To burn the coins, miners send them to a verifiably un-spendable address. This process does not consume many resources (other than the burned coins) and ensures that the network remains active and agile. Depending upon the implementation, miners are allowed to burn the native currency or the currency of an alternate chain, such as Bitcoin. In exchange, they receive a reward in the native currency token of the blockchain.

You can send out transactions to the network that will burn your own cryptocurrency coins. Other participants can mine/burn on top of your block, and you can also take the transactions of other participants to add them to your block. Essentially, all of this burning activity keeps the network agile, and participants are rewarded for their activities (both burning their own coins and burning other people’s coins).

To prevent the possibility of unfair advantages for early adopters, the POB system has implemented a mechanism that promotes the periodic burning of cryptocurrency coins to maintain mining power. The power of burnt coins “decays” or reduces partially each time a new block is mined. This promotes regular activity by the miners, instead of a one-time, early investment. To maintain a competitive edge, miners may also need to periodically invest in better equipment as technology advances.

Practical Applications of Coin Burning

There have been at least two cryptocurrencies that have already attempted coin burning. Bitcoin cash has gained considerably in value heading into the spring. On April 20, cryptocurrency mining pool Antpool announced that it has sent 12% of the bitcoin cash coins it receives as block rewards for validating transactions to unobtainable addresses. Considering that Antpool validates somewhere close to 10% of bitcoin cash transactions, this is no small quantity of tokens. Antpool is thus slowing down the inflation rate for BCH, and this may be contributing to the massive growth bitcoin cash has experienced in recent weeks.

Before bitcoin cash got in on coin burning, though, Binance Coin (BNB) explored this strategy, as well. BNB is the official token of the Binance digital currency exchange; BNB is used to incentivize users, allowing them to pay for transaction fees in a staggered manner. According to reports, more than 1.8 million BNB tokens were burned in the first few weeks of the year. The process was repeated in April, with another $30 million or so of BNB burned at that time. So far, BNB has yet to see the same massive gains that bitcoin cash experienced, but it has nonetheless been a top performer among digital currencies so far this year.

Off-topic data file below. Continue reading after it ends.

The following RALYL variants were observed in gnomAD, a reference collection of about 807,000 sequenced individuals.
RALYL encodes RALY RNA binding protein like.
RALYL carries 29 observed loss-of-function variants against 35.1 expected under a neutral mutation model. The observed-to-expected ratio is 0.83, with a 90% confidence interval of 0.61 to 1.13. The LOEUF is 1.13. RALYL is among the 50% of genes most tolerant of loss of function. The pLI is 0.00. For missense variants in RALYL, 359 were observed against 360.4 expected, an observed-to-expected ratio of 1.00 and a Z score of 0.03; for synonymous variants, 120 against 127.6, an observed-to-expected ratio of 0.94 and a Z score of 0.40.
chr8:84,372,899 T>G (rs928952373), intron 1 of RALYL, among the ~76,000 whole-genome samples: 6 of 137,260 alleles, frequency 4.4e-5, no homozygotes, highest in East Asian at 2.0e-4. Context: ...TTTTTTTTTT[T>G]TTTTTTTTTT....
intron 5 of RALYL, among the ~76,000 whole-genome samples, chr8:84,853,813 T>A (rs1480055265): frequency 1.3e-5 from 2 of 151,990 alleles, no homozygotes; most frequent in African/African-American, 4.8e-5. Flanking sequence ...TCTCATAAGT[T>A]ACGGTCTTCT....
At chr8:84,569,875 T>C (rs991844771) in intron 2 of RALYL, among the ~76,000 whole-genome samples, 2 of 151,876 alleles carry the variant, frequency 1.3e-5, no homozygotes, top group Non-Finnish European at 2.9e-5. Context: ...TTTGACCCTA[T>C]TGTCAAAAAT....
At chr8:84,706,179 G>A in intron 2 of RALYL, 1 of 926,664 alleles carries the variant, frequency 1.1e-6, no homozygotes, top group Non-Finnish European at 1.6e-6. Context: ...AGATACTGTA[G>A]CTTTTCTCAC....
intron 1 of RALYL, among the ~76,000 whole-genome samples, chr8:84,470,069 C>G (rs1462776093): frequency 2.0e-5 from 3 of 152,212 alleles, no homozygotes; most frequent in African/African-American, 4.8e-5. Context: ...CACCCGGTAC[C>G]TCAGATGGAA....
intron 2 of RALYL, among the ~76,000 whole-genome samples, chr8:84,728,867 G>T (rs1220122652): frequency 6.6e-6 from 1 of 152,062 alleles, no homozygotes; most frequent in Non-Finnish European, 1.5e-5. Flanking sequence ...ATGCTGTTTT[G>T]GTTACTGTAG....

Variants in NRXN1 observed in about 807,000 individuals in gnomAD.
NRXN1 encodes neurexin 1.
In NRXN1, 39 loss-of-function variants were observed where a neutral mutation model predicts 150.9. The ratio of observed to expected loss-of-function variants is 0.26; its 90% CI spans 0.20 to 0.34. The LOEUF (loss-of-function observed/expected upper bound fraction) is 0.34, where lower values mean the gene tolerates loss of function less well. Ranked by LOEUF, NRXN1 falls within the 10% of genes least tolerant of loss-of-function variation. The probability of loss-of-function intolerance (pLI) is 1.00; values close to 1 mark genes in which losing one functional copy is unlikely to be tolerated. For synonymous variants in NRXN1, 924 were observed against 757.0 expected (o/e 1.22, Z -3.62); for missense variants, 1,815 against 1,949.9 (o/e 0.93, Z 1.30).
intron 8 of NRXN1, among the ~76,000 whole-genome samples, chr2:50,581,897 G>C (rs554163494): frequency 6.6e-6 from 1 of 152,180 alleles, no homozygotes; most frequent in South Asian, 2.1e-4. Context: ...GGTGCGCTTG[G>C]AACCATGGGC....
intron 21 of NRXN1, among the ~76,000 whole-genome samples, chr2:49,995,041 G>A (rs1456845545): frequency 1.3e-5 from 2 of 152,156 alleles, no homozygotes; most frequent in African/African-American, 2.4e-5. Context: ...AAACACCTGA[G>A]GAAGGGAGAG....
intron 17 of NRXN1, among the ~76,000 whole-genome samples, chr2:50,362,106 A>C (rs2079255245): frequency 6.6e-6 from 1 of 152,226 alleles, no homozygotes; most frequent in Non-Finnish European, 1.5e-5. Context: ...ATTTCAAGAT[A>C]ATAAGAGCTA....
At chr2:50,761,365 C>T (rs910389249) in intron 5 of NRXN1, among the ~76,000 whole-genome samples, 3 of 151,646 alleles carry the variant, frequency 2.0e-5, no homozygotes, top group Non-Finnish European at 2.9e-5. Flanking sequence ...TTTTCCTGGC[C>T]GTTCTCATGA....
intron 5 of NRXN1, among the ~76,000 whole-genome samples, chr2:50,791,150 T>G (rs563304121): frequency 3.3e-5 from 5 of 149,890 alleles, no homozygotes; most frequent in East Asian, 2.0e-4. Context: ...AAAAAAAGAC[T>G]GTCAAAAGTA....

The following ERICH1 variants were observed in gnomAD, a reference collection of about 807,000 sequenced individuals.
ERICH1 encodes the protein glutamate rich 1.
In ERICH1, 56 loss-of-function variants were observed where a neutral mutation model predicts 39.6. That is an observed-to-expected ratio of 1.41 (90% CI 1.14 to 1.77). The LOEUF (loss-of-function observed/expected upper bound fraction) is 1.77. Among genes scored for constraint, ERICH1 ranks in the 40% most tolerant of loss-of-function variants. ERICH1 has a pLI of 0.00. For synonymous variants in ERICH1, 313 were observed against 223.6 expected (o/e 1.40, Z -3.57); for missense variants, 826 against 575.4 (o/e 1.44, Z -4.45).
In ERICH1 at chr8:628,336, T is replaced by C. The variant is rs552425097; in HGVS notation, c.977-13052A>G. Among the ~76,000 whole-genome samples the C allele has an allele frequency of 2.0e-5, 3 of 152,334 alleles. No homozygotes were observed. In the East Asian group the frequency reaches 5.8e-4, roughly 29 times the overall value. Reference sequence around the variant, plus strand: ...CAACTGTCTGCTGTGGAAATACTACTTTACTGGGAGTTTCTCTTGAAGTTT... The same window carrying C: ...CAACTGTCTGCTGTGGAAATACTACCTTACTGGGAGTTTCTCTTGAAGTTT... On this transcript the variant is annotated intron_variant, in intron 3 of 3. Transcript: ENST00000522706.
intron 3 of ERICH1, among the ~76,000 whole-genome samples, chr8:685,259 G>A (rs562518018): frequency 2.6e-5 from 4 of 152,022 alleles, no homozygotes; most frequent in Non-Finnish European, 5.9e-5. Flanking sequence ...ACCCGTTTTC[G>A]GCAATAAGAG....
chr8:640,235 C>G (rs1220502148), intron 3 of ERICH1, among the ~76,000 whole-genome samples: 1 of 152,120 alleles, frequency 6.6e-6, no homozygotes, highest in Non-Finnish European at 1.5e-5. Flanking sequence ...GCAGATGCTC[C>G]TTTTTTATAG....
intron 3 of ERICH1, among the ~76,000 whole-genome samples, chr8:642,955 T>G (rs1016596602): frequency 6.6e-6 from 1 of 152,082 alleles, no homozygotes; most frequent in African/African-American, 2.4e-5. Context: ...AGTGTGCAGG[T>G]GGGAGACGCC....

Of course, there are massive risks associated with coin burning, too. First, burning coins is no guarantee that the remaining coins in circulation will gain in value. It does not necessarily even reduce the total number of tokens outstanding in circulation, as the supply of tokens in circulation seems to fluctuate considerably.

Bitcoin is an example of why coin burning may not work. Bitcoin is capped at 21 million tokens; some analysts believe that this cap helps to contribute to the value of BTC. Still, bitcoin has also created new types of tokens in several instances thanks to so-called "hard forks." This is how, for example, bitcoin cash, bitcoin gold, and other altcoins came to be. If bitcoin were to fork again in the future, even more tokens would be generated.

Notably, however, that while holders of the original token are usually granted new tokens in the process of forking, the newly issued token maintains its own, distinct blockchain and the new tokens are not the same as the old. Thus, bitcoin and bitcoin cash are two entirely different projects with different protocols, markets, and user communities.

Investing in cryptocurrencies and Initial Coin Offerings ("ICOs") is highly risky and speculative, and this article is not a recommendation by Investopedia or the writer to invest in cryptocurrencies or ICOs. Since each individual's situation is unique, a qualified professional should always be consulted before making any financial decisions. Investopedia makes no representations or warranties as to the accuracy or timeliness of the information contained herein. As of the date this article was written, the author owns bitcoin and ripple.